Tuesday, December 9, 2008

Flat Feet, High Arches or Pronating, What is Your Foot Type?

Most of my clients are surprised to learn that there are generally 9 factors that determine a person's foot type. I say generally, because there are always exceptions to any organizing system. As a Certified Pedorthist of almost 2 decades and fitting technical athletic footwear since 1970, I've seen many different types of feet. I've developed this list to categorize feet so that I can most quickly identify a orthotic client's concerns and help them. Here are the 9 factors:

Foot Physiology:
  • Low Arch foot with Flexible Joints (sometimes referred to as a flat foot)
  • High Arch foot with Stiff Joints
  • Neutral Arch foot with Moderate Joint Movement
Foot Shape:
  • Oblique Toe (Big toe is longer and foot tapers angularly to the small toes).
  • Square Toe (Little toes are exceptionally long and big toe is short - The toes are close to the same length).
  • Round Toe (Second toe extends longer than the big toe).
Volume: How thick or thin your feet are. Including how much tissue the foot has and how big the bones are of the foot.
  • Low volume (Foot could be wide or narrow, but there isn't much bulk to the foot.)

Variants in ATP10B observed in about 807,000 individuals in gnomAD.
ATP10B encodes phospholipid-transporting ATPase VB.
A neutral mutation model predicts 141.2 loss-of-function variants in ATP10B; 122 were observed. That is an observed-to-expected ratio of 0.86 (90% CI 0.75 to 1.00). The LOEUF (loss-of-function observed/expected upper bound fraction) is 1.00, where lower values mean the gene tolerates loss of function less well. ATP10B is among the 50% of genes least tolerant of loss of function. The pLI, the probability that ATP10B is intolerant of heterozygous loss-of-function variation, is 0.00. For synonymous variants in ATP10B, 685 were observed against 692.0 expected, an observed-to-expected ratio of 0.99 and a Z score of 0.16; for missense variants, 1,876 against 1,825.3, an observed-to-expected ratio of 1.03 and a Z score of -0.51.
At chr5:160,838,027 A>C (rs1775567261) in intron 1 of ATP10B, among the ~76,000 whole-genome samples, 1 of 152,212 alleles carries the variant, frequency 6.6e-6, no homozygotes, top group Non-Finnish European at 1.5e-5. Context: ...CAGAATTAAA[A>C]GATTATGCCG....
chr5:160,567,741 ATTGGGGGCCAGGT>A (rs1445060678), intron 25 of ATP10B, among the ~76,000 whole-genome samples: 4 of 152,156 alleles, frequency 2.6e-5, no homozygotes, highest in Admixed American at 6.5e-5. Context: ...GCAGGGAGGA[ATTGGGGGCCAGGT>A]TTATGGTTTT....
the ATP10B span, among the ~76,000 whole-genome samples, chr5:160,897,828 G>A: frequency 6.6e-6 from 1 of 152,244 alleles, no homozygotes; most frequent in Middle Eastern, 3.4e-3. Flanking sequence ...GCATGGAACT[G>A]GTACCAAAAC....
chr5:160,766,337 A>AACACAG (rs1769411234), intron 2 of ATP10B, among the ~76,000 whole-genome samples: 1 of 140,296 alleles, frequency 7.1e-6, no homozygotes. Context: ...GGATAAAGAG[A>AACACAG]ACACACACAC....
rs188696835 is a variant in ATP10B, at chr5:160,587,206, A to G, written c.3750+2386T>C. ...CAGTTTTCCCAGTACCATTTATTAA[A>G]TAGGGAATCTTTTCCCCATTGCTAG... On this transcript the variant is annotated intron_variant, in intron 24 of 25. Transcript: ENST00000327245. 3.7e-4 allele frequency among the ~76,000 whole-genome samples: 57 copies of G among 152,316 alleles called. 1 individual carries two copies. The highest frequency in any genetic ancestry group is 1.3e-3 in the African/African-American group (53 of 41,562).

• Mid Volume (Foot is well proportioned.)
  • High Volume (Foot is thick, bulky, large boned)
The reason it is important to know that there are nine classifications of feet is to identify the key characteristics of your foot type so that you can focus on comfort footwear or sports performance features that best suit your foot type.

Often a person will choose a shoe based on looks or the advice of a friend, and not really have any idea if the shoe properly fits their foot. As you can see from the list of foot characteristics, there are many variables involved with shoe fitting and depending upon the type of foot you have, you may not easily find the best shoe for your foot without some professional advice.

At Footform Performance Center in Bend, Oregon, we analyze feet, mold and make custom foot orthotics (shoe inserts), then fit the orthotics into the client's footwear. Part of our orthodics service includes shoe consultation and recommendations. Footform custom shoe inserts increase foot comfort and sports performance. I am also available to consult to the shoe industry to create footwear that is designed for the widest variety of foot types.

Call or contact Footform Performance Center, 541-389-4547, 345 SW Century Dr., Bend, OR

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